Hashimoto’s Thyroiditis

Hashimoto thyroiditis is the commonest cause of goiter in iodine- sufficient areas.
The goiter is generally painless, moderate in size and firm in consistency moving freely on swallowing.
FNAC and TPO antibody helps in diagnosis.
Lifelong thyroxine replacement, regularly monitored by TSH level is required. Goal is to keep TSH level in lower half of reference range.

Thyroid Cyst

  • Generally seen in age group of 20-40 yrs. and more in females.
  • Constitutes about 30% of clinically diagnosed solitary nodule.
  • Usually formed as a result of colloid degeneration or involution of follicular adenoma.
  • FNAC is diagnostic as well as therapeutic as it resolves the cyst but re accumulation is frequent.
A Case of Goitre - What You Must Know?

Follicular Adenoma

  • Generally, they involute & chances of malignancy are infrequent
  • TSH suppression with levothyroxine decrease the size of 30% nodule & may prevent growth.
  • If nodule size does not decrease after 6-12 months of suppressive therapy, then treatment is discontinued.
  • FNAC can’t rule out malignancy as it may not see the capsule.
  • If there is increase in size or symptoms, then plan for repeat FNAC and if FNAC is inconclusive then proceed for surgical excision & biopsy.

Papillary Thyroid Carcinoma

  • Commonest malignancy of thyroid.
  • It is multifocal & tends to invades locally.
  • Spread by lymphatics but can metastasize hematogenously as well.
  • In India, coexistent tubercular lymphadenopathy may be there which would not take up radioiodine on scan.
  • FNAC of L.N. is needed to exclude associated tubercular lymphadenopathy.

Follicular Carcinoma

  • More common in iodine deficient region.
  • It is difficult to differentiate between benign & malignant follicular neoplasm by FNAC because capsule can’t be seen.
  • FTC tend to spread by hematogenous route to bone, lungs & CNS.
  • Patient of follicular carcinoma present at later stage; hence, mortality rate is high.


  • Surgery- near total thyroidectomy is preferable in almost all patients.
  • Thyroxin- As most tumors are TSH responsive so thyroxin is given in doses of 0.1-0.2 mg suppress endogenous TSH production.
  • Radioiodine- If metastasis take up radioiodine they may be detected by scanning and treated by larger doses of radioiodine.
  • Thyroglobulin- measurement of serum thyroglobulin is of value in the follow up and detection of metastasis in patient who have undergone surgery.

Anaplastic Thyroid Carcinoma

  • As it is undifferentiated uptake of radioiodine is negligible.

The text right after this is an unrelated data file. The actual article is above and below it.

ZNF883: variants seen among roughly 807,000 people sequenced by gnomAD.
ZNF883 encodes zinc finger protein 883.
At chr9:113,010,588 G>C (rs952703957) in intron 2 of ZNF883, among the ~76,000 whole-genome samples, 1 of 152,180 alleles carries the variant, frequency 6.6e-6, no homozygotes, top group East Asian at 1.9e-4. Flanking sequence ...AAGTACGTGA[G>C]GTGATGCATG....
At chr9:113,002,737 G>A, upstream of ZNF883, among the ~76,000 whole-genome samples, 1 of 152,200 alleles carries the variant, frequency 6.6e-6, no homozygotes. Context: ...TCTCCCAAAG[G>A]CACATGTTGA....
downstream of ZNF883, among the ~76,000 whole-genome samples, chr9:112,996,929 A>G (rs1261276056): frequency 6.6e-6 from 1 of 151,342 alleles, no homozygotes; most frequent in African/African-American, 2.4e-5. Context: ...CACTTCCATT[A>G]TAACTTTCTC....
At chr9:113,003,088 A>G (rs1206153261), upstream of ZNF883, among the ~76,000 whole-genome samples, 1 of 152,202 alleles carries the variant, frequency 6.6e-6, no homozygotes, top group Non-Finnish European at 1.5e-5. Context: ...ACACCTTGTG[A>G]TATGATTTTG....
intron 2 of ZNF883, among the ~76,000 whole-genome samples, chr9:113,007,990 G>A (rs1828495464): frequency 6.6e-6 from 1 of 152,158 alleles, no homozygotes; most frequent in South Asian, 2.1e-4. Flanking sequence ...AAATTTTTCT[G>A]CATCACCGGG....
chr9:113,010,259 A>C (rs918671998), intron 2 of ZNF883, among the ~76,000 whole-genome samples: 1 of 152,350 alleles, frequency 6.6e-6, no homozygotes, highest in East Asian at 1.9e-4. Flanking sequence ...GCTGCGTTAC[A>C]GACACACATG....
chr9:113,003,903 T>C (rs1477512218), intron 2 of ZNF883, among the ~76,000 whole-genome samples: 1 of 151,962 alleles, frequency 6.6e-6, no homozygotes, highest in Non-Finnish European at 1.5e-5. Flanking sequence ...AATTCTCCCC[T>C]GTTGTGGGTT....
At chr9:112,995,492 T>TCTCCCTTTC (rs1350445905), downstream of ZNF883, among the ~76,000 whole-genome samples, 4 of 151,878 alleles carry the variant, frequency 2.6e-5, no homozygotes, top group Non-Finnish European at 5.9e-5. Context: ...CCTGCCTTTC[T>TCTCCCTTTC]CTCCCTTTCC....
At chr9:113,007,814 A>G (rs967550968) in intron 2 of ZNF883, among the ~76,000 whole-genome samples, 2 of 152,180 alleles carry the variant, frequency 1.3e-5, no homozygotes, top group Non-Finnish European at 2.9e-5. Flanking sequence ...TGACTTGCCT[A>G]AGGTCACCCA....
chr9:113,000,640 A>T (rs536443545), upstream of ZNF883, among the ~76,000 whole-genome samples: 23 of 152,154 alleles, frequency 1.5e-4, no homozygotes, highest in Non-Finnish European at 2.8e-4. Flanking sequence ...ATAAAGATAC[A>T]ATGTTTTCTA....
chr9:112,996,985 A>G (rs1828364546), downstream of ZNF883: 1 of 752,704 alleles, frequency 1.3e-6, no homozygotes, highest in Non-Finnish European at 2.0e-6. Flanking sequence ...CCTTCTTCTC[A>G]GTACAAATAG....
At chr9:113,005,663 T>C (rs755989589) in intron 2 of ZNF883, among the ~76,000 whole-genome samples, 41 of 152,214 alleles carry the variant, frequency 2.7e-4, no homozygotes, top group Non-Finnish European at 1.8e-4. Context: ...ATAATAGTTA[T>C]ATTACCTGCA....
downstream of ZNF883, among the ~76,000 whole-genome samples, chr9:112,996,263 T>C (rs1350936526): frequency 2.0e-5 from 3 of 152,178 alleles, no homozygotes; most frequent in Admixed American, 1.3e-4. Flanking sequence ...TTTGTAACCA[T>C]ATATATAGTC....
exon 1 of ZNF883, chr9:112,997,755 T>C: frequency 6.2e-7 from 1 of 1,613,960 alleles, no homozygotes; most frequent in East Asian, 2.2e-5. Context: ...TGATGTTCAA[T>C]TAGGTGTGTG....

• It has very poor prognosis and most of the patients die within 6 months of diagnosis.
  • Can often be picked off by PET scan.
  • Chemotherapy with anthracycline and paclitaxel has been attempted but it is usually ineffective.
  • External beam radiation therapy can be attempted and continued if tumors are responsive.

Medullary Thyroid Carcinoma

  • Can be sporadic or familial, there are three familial forms of MTC – MEN 2A, MEN 2B & familial MTC.
  • Elevated serum calcitonin is a marker of residual or recurrent diseases.
  • It is reasonable to test all patient with MTC for RET mutation.
  • Treatment is primary surgical.
  • External radiotherapy & chemotherapy provide palliation in patient with advanced disease.

Thyroid Lymphoma

  • Usually arise in the background of Hashimoto’s thyroiditis and it presents as rapidly expanding thyroid mass.
  • These tumors are highly sensitive to external radiation.
  • Surgical resections should be avoided as initial therapy for fear of spread.

Subacute Thyroiditis

  • Sometimes presents as solitary thyroid nodule.
  • Painful thyroid swelling, fever and raised ESR.
  • Clinical course consists of initial thyrotoxic phase followed by hypothyroid phase and the patient becomes euthyroid within a span of 1-2 years.
  • Thyrotoxic phase of thyroiditis can be differentiated from Graves by RAIU, low in thyroiditis and high in Graves. Hypothyroid phase of thyroiditis can be differentiated from Hashimoto’s by FNAC and TPO antibody.
  • NSAID, steroid and B-blocker are the mainstay of treatment.
  • If the patient is hyperthyroid anti thyroid drug can be used.

Final Points

  • Malignancy is a potential risk (about 5%) in thyroid nodule and one should not underestimate the value of early diagnosis as various forms of malignant neoplasm carry a favorable prognosis.
  • If FNAC leaves any doubt or does not coincide with U/S or clinical evaluation, go for excisional biopsy.
  • It is constructive, therefore, to review the diagnostic approach and to reassure patients at subsequent steps.


  2. 2021 American Thyroid Association Guidelines for Management of Patients with Anaplastic Thyroid Cancer
    Keith C. Bible, et al., Thyroid.Mar 2021.337-386.
  3. Haugen BR, Alexander EK, Bible KC, et al. 2015 American Thyroid Association Management Guidelines for Adult Patients with Thyroid Nodules and Differentiated Thyroid Cancer: The American Thyroid Association Guidelines Task Force on Thyroid Nodules and Differentiated Thyroid Cancer. Thyroid. 2016;26(1):1-133. doi:10.1089/thy.2015.0020